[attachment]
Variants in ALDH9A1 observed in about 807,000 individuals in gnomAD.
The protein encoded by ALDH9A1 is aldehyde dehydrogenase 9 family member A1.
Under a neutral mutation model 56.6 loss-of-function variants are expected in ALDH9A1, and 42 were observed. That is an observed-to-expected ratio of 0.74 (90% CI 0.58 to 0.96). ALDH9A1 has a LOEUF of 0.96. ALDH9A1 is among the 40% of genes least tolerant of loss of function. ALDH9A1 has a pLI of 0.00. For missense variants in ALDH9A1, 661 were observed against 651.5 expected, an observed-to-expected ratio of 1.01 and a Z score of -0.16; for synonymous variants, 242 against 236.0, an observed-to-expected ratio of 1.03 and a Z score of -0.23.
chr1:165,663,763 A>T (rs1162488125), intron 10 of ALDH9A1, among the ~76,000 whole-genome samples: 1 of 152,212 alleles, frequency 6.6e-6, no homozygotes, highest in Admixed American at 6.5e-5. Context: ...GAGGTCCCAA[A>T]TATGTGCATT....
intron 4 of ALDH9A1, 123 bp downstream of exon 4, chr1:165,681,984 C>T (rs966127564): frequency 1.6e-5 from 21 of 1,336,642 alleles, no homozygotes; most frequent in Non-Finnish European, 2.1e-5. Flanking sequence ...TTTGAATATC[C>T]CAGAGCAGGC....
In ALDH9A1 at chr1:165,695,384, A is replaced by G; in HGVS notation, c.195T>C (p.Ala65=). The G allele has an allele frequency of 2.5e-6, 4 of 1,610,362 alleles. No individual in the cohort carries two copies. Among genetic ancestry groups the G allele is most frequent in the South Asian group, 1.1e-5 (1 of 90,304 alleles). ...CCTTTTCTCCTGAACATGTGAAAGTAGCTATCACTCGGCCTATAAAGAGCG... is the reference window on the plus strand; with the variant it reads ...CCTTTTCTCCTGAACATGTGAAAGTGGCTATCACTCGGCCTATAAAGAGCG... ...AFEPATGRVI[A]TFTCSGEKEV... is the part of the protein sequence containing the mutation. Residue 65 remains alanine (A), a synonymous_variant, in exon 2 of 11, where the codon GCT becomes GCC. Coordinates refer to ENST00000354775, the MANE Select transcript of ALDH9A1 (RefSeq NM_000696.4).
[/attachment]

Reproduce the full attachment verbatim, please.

Variants in ALDH9A1 observed in about 807,000 individuals in gnomAD.
The protein encoded by ALDH9A1 is aldehyde dehydrogenase 9 family member A1.
Under a neutral mutation model 56.6 loss-of-function variants are expected in ALDH9A1, and 42 were observed. That is an observed-to-expected ratio of 0.74 (90% CI 0.58 to 0.96). ALDH9A1 has a LOEUF of 0.96. ALDH9A1 is among the 40% of genes least tolerant of loss of function. ALDH9A1 has a pLI of 0.00. For missense variants in ALDH9A1, 661 were observed against 651.5 expected, an observed-to-expected ratio of 1.01 and a Z score of -0.16; for synonymous variants, 242 against 236.0, an observed-to-expected ratio of 1.03 and a Z score of -0.23.
chr1:165,663,763 A>T (rs1162488125), intron 10 of ALDH9A1, among the ~76,000 whole-genome samples: 1 of 152,212 alleles, frequency 6.6e-6, no homozygotes, highest in Admixed American at 6.5e-5. Context: ...GAGGTCCCAA[A>T]TATGTGCATT....
intron 4 of ALDH9A1, 123 bp downstream of exon 4, chr1:165,681,984 C>T (rs966127564): frequency 1.6e-5 from 21 of 1,336,642 alleles, no homozygotes; most frequent in Non-Finnish European, 2.1e-5. Flanking sequence ...TTTGAATATC[C>T]CAGAGCAGGC....
In ALDH9A1 at chr1:165,695,384, A is replaced by G; in HGVS notation, c.195T>C (p.Ala65=). The G allele has an allele frequency of 2.5e-6, 4 of 1,610,362 alleles. No individual in the cohort carries two copies. Among genetic ancestry groups the G allele is most frequent in the South Asian group, 1.1e-5 (1 of 90,304 alleles). ...CCTTTTCTCCTGAACATGTGAAAGTAGCTATCACTCGGCCTATAAAGAGCG... is the reference window on the plus strand; with the variant it reads ...CCTTTTCTCCTGAACATGTGAAAGTGGCTATCACTCGGCCTATAAAGAGCG... ...AFEPATGRVI[A]TFTCSGEKEV... is the part of the protein sequence containing the mutation. Residue 65 remains alanine (A), a synonymous_variant, in exon 2 of 11, where the codon GCT becomes GCC. Coordinates refer to ENST00000354775, the MANE Select transcript of ALDH9A1 (RefSeq NM_000696.4).